Shoaling is an evolved behavior in fishes that has several adaptive advantages, including allowing individuals to avoid predation through risk dilution. However, factors such as size disparity and the presence of heterospecifics may influence the behavior of individual fish within shoals following exposure to elevated predation risk. Using bluegill Lepomis macrochirus as a model species, we measured changes in area use, shoaling index, and movement of a focal individual in isolation, in single-species shoals with two conspecifics, or in mixed-species shoals with two congeneric pumpkinseed L. gibbosus. The experimental shoals were exposed to one of three chemical cues selected to present graded levels of risk: lakewater controls (lowest risk), Northern pike Esox lucius predator odor (kairomones; intermediate risk), or conspecific chemical alarm cues (highest risk). Within the individual bluegill, we found that the multivariate response of area use and post-stimulus activity (line crosses) of the focal fish was significantly influenced by pre-stimulus activity, but not by cue type or fish size. As univariate responses, post-stimulus activity varied positively with pre-stimulus activity. Post-stimulus activity was greater in single-species shoals compared to mixed-species shoals, and again varied positively with pre-stimulus activity. Contrary to predictions, bluegill did not demonstrate graded antipredator responses to the chemical cues. Our findings suggest that prey fish may alter their risk-aversive behaviors in response to chemical stimuli based on shoal composition and provide further insight into the role of intra-prey guild interactions in response to predators in co-occurring prey species.
Study site and specimen collection
We conducted the study at the Queen’s University Biological Station (QUBS) on Lake Opinicon (44°35′06″N, − 76°17′47″W) in Elgin, Ontario, Canada. From 7 to 11 May 2017, we collected a total of 155 bluegill (mean total length + SE = 114 + 17.6 mm) and 60 pumpkinseed (mean total length + SE = 133 + 34.4 mm), by either beach seine netting or angling with size 8 barbless J-hooks baited with earthworm Umbrica spp. Any fish that were deeply hooked, bleeding, or showing any sign of impairment were not suitable for our study. Because they were considered viable, we immediately released them back into the lake as stipulated in the scientific collection permit issued by the Ontario Ministry of Natural Resources and Forestry. We transferred the bluegill and pumpkinseed via aerated coolers into separate floating net pens (~ 3.5m3) in Lake Opinicon. Approximately 1 h before each block of trials, we moved test fish for that block from the net pens into the QUBS wet lab and introduced them into three glass aquaria. Upon completion of each block of trials, we released the test fish back into the lake.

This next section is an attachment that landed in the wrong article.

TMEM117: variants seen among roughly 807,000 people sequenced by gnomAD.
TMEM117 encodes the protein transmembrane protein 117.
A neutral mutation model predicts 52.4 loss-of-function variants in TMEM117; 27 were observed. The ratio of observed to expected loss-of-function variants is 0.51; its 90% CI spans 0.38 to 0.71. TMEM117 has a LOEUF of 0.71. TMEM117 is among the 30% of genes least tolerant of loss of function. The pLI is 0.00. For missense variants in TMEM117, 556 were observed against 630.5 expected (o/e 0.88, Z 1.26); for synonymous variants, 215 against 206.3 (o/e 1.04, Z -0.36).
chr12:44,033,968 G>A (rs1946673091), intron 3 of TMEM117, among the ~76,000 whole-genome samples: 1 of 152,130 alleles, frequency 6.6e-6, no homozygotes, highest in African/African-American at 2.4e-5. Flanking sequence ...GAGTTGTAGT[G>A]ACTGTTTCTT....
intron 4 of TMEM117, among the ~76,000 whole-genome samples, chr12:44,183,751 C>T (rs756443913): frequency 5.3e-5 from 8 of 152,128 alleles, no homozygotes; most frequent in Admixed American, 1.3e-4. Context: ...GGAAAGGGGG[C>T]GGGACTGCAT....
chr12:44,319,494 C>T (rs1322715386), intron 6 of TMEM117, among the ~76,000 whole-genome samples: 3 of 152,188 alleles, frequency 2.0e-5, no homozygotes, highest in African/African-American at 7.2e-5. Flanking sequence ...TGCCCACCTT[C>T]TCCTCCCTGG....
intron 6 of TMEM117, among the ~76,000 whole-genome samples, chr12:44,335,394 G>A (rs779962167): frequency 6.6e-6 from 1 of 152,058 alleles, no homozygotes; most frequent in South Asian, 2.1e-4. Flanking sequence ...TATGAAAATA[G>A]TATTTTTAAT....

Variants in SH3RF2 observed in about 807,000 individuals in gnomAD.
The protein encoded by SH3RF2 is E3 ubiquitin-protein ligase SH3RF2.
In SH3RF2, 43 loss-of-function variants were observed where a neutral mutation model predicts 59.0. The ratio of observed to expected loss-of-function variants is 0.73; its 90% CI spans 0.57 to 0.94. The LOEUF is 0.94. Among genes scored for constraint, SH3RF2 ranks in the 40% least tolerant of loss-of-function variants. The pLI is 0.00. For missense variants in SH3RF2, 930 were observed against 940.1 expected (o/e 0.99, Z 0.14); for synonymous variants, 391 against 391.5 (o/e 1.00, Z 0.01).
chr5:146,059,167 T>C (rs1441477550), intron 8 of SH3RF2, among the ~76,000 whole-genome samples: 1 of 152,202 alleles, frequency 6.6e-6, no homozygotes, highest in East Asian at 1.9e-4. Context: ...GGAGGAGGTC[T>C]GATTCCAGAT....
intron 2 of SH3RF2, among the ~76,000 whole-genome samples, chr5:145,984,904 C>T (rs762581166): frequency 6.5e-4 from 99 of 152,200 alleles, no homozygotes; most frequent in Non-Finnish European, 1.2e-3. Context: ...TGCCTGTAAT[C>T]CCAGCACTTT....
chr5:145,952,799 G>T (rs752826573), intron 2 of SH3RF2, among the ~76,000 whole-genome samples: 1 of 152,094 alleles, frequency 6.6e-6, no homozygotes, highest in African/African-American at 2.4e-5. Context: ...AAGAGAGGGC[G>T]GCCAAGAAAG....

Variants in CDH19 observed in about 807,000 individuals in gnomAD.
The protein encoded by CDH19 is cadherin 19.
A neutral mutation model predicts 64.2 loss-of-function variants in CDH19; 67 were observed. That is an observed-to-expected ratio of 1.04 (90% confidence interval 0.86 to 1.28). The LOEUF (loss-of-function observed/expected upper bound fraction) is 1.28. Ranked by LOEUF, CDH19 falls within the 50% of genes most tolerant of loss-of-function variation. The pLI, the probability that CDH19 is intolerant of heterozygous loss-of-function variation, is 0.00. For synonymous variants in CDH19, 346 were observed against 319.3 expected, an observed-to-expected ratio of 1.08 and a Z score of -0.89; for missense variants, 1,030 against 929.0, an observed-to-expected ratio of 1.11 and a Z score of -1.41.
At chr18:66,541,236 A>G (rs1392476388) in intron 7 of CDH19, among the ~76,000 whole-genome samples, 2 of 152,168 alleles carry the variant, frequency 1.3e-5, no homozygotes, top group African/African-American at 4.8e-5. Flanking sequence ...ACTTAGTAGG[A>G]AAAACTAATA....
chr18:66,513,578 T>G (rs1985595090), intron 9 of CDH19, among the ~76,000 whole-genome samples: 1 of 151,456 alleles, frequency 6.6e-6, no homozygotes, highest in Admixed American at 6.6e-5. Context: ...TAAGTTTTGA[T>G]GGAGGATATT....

Preparation of alarm cue and predator odor
We euthanized five bluegill (mean total length + SE = 129 + 11.5 cm) via cerebral percussion to generate the alarm cues used in this experiment. We removed skin fillets from both sides of the fish and mechanically homogenized and diluted them with lake water to a final concentration of 0.1 cm2 of skin/ml. This method and concentration have previously been shown to elicit predictable alarm responses in shoals under laboratory and field conditions (Brown and Godin 1999; Wisenden et al. 2003; Brown et al. 2009). We kept one adult Northern pike (total length = 45 cm, weight = 650 g) captured via angling from the same area of the lake as the bluegill and pumpkinseed in an outdoor holding tank filled with ~ 200 L of water, food-deprived, for 24 h to generate the predator odor. We froze the alarm cues and predator odor in 60 mL aliquots and stored them at − 20 °C until needed.
Experimental apparatus and design
Each aquarium measured 60 cm (length) × 30 cm (width) × 30 cm (height) and was filled with lake water to a depth of 18 cm (~ 32.54 L volume). To reduce exterior interference, we covered three of the walls on each aquarium with white paper. We taped green construction paper on the outside of the bottom surface to mimic natural substrate and left the fourth wall uncovered to allow visual observations (Fig. S1). We surrounded the test aquaria with a curtain to minimize disturbance and monitored each of them with two remotely controlled GoPro™ cameras (GoPro, San Mateo, California, USA) placed in front of and above the aquaria to record the responses of focal individuals. We positioned the cameras to capture the entire width of the aquarium in their fields of view.
We used three shoal scenarios for the trials, consisting of a solitary bluegill, a single-species shoal of three bluegill, and a mixed-species shoal of one bluegill and two pumpkinseed. In each scenario, observations focused on a single bluegill, which was haphazardly chosen and identified on video prior to each experimental trial. Each focal bluegill, as well as any shoalmates, were tested only once, measured (total length), and then released back into the lake. Trials consisted of 5 min pre-stimulus observations followed by the injection of 20 ml of lake water (control), alarm cues, or predator odor via plastic syringes and 1.5 m pieces of standard aquarium airline tubing, ~ 3 cm below the water surface in the back-right corner of each aquaria (Fig. S1), and an additional 5-min post-stimulus observation. We used a random number generator to assign treatments. Due to logistical constraints, we placed an upper limit of 12 trials per treatment per shoal type (Table 1). To avoid any contamination from previous trials, we emptied and cleaned each tank before starting the next trial. The mean temperature of the lake water used in the aquaria, creation of alarm cue, and predator odor, and in the floating pens was 14 °C.